Forgotten Victims of the Global Downturn in the Developing World
Wednesday, March 11, 2009
At a recent private brainstorming session at United Nations headquarters in New York, Ban Ki-moon, the secretary-general, heard a uniformly grim assessment of the devastating impact the global financial crisis will have on the developing world.
What began as an economic crisis was in danger of turning into a social, humanitarian, political and security meltdown that could spin out of control in the most vulnerable regions, his experts told him.
The message they want him to take to donor countries is that by shoring up foreign aid levels they would be helping to revive their own sinking economies.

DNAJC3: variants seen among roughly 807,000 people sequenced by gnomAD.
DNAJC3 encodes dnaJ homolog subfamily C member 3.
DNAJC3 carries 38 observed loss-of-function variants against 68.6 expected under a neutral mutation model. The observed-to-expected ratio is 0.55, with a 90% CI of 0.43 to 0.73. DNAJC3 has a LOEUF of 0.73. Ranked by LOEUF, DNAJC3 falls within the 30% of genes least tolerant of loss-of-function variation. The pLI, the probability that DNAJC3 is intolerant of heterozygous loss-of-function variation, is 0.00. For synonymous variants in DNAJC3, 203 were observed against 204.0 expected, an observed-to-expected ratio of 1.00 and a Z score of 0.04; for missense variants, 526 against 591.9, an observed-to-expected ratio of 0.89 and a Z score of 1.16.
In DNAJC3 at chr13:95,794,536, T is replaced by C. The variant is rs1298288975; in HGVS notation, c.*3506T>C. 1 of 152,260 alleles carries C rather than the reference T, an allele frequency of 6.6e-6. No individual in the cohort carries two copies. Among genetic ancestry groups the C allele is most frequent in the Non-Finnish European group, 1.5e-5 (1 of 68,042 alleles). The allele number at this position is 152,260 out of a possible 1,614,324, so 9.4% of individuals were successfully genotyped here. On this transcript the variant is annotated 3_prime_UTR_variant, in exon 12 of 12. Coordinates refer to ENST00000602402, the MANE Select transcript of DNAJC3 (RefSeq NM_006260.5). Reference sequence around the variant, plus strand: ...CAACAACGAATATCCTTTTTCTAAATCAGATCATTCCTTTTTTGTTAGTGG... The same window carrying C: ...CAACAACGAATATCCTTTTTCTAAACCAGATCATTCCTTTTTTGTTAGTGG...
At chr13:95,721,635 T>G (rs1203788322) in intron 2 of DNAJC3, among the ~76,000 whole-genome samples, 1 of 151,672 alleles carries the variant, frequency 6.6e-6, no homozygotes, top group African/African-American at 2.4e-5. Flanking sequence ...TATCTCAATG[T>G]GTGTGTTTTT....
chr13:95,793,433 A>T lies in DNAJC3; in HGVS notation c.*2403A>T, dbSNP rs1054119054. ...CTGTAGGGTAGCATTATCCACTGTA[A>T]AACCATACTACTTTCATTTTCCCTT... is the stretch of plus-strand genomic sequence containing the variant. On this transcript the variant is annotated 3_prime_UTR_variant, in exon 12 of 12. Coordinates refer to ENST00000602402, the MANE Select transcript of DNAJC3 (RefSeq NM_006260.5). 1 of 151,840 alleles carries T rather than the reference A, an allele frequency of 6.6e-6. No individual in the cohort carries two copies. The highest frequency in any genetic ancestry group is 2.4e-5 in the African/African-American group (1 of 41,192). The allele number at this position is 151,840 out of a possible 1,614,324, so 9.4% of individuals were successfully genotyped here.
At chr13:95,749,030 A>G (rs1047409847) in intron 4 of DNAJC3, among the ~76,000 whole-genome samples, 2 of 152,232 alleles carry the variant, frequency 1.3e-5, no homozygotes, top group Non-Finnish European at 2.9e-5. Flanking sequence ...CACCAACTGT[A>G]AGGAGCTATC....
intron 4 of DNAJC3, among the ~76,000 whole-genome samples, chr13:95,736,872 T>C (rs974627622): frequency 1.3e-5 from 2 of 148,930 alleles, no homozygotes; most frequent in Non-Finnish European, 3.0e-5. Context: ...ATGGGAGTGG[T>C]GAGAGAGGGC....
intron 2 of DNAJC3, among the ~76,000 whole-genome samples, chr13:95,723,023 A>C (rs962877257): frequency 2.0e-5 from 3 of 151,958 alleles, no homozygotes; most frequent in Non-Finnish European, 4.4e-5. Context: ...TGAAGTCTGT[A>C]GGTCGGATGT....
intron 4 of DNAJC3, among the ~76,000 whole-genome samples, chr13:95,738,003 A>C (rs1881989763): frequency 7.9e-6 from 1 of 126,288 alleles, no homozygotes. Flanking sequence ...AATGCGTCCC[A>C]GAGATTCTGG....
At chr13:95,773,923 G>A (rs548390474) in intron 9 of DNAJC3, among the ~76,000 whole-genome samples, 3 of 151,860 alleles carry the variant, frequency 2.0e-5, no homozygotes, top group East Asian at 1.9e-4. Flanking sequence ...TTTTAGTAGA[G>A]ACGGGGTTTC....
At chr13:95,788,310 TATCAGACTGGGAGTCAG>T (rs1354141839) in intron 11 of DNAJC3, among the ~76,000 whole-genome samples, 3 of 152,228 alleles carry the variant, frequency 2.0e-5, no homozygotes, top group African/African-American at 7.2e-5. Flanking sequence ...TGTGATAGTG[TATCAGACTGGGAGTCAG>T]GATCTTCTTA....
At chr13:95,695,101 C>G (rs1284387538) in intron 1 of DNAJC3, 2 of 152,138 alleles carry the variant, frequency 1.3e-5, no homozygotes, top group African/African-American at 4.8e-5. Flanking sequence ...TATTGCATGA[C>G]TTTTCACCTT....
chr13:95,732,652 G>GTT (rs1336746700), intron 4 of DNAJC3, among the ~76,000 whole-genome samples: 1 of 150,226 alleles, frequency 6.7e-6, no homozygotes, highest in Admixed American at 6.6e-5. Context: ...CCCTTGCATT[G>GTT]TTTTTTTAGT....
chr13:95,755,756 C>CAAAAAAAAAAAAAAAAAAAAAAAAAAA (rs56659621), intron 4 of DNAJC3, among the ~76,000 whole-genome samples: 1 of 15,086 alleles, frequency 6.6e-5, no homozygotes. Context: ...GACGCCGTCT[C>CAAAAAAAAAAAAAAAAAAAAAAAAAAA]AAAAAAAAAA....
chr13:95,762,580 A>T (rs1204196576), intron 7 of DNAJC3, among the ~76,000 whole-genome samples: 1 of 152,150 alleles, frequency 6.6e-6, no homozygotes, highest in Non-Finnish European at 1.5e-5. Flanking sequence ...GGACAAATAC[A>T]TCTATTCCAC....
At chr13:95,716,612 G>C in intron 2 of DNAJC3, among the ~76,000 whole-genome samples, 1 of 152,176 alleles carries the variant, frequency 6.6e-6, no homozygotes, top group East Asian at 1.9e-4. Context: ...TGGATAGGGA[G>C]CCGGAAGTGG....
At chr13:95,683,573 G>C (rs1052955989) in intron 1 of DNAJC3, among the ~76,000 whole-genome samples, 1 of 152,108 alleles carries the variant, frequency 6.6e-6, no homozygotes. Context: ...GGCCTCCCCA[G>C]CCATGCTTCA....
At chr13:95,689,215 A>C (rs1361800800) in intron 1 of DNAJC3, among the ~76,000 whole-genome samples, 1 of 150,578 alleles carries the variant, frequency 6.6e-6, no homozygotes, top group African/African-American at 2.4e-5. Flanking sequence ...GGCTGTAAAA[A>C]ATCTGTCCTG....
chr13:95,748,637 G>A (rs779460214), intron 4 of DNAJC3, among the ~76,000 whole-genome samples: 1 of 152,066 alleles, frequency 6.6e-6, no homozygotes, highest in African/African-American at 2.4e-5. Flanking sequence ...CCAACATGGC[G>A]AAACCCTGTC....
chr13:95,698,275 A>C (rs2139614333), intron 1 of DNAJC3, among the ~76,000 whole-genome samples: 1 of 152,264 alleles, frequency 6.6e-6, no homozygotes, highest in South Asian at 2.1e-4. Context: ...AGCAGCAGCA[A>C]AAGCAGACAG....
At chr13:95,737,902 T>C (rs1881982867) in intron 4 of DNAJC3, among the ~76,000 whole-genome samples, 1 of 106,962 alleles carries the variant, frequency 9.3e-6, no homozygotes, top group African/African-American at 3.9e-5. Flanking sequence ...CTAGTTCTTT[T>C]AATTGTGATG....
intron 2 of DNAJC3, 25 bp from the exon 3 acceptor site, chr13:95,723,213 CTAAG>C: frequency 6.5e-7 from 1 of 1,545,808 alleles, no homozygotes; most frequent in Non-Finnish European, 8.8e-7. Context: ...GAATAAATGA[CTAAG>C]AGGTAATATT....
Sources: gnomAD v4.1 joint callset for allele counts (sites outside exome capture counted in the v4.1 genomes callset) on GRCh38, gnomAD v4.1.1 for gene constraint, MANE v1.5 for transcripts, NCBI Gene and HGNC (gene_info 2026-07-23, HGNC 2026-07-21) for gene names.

While attention on the financial crisis in the developed world has focused on the need for bank bail-outs, domestic stimulus packages and rescue plans for failing industries, gatherings of officials and aid experts ahead of next month’s Group of 20 summit in London are highlighting an even graver emergency.
“It’s obviously a tragedy that people in rich countries are losing their jobs and their homes,” says Kevin Watkins, a senior UN development adviser. “But in poor countries, the rising poverty could result in vulnerable children losing their lives.”